To further explore the role of MSR1 elements in gene regulation, the PRPF31 MSR1 cluster was cloned upstream to pTK minimal promoter in a pGL3 vector, at variable copy numbers (FIG. 3A-B). It was demonstrated that increasing copy number of MSR1 resulted in a significant decrease in luciferase reporter activity in HeLa cell line (FIG. 3C-D). This effect was independent of MSR1 minor sequence differences between 111.7 and RP15011 in the 3-copy constructs. In the positive strand orientation, the 2-copy construct had 2.1-fold higher activity than the 3-copy constructs; the 4-copy construct had 2.4-fold lower activity than the 3-copy constructs. In the negative strand orientation, the 2-copy construct had 1.7-fold higher activity than the 3-copy constructs; the 4-copy construct had 1.5-fold lower activity than the 3-copy constructs. This situation mimics that observed in a previous study, where the 3-copy MSR1 (in isolation) had moderately increased activity compared to the 4-copy element . It is, however, in contrast to the results reported in FIG. 2 where the 4-copy element had markedly increased activity compared to the 3-copy element. This indicates that the effect of MSR1 CNV is dependent on the spatial relation of the repeat elements to the promoter region.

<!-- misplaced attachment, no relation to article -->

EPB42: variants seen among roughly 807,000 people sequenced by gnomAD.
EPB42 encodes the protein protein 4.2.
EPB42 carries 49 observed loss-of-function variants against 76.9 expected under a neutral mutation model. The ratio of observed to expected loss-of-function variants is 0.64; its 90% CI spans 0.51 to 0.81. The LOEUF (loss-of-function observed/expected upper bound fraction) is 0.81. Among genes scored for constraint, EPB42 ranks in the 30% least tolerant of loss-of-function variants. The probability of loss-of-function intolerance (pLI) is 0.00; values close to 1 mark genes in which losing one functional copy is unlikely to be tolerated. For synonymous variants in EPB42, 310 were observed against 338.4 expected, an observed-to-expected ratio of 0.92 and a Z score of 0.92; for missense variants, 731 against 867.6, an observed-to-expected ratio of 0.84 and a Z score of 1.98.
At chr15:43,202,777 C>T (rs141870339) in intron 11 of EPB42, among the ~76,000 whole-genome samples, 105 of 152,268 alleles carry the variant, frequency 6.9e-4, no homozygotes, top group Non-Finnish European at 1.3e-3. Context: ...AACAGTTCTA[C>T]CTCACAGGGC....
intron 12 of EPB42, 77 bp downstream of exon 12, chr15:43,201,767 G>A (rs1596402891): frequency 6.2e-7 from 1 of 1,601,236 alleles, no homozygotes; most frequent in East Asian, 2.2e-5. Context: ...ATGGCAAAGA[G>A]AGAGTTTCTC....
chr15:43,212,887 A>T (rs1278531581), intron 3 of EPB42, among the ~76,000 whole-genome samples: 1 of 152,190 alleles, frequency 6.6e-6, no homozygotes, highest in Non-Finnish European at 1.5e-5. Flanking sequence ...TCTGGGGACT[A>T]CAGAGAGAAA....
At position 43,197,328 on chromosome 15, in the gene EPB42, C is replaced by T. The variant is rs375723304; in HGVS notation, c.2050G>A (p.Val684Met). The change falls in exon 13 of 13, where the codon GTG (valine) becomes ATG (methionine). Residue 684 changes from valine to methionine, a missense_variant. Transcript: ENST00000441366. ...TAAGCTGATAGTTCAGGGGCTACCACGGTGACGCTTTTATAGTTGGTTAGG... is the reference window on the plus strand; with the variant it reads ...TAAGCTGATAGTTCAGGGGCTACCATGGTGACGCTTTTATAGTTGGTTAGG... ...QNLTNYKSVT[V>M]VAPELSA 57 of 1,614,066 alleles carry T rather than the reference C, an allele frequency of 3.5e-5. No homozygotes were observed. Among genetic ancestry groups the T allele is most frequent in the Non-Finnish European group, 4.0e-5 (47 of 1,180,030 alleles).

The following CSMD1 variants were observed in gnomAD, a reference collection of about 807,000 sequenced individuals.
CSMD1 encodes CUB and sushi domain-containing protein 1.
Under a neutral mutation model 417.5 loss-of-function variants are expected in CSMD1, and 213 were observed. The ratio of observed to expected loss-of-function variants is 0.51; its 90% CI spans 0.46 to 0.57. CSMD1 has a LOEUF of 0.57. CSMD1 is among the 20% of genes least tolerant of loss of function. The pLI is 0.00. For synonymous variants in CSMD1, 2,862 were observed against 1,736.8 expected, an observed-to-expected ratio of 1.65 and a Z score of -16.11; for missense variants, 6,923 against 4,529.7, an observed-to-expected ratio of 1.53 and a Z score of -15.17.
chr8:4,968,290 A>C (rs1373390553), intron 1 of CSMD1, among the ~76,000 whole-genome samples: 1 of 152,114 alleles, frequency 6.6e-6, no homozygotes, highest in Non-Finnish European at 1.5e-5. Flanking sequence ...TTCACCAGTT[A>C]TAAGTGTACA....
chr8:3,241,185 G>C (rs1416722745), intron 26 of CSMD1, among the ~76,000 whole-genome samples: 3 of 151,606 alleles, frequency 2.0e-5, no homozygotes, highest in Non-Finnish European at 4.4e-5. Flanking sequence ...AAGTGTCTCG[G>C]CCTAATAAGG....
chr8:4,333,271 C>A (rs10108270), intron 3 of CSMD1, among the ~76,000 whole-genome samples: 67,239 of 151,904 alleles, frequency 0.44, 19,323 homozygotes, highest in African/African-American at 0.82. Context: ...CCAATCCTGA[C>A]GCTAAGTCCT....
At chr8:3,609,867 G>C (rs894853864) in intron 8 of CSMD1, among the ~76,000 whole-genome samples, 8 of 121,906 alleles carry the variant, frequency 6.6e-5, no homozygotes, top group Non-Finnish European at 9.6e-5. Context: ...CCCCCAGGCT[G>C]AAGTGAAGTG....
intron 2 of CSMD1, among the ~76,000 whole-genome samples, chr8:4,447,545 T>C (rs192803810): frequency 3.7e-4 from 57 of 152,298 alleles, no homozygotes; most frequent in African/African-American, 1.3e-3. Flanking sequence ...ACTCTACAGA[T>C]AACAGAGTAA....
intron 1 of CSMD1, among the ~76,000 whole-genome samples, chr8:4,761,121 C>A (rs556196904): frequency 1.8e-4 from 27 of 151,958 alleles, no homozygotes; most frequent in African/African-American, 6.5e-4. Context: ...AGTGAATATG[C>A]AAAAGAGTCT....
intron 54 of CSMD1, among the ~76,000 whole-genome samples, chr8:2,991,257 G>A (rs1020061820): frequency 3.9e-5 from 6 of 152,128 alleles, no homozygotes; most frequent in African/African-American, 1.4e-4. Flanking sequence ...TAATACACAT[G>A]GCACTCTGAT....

According to the present invention, it is predicted that when the 2-, 3-, or 4-copies alleles are cloned into pTK promoter with a filler sequence (approximately 180 bp between the MSR1 elements and TK sequence, mimicking the natural relation to PRPF31 promoter), the same dramatic effect will be seen.
 It is also predicted that alteration of the distance between the MSR1 elements and the promoter sequence will allow step-wise titration of gene expression.
Diagnostic Uses of Copy Number Variation of MSR1 Clusters
 According to the present invention, copy number variation (CNV) of MSR1 clusters has been shown to be the major factor responsible for autosomal dominant retinitis pigmentosa associated with mutations in PRPF31.
 CNV at several loci has been implicated in risk of developing cancer. It is highly likely, therefore, that analysis of MSR1 clusters at other loci will reveal links between CNV and both Mendelian and polygenic disorders.
 It is predicted that tests that use the assessment of MSR1 CNV will have profound implications for diagnosis and prediction of human diseases. A genome wide list of MSR1 clusters frequency is seen in Table 2, and genotyping of any MSR element or derivative sequences could be used as a diagnostic or predictive test.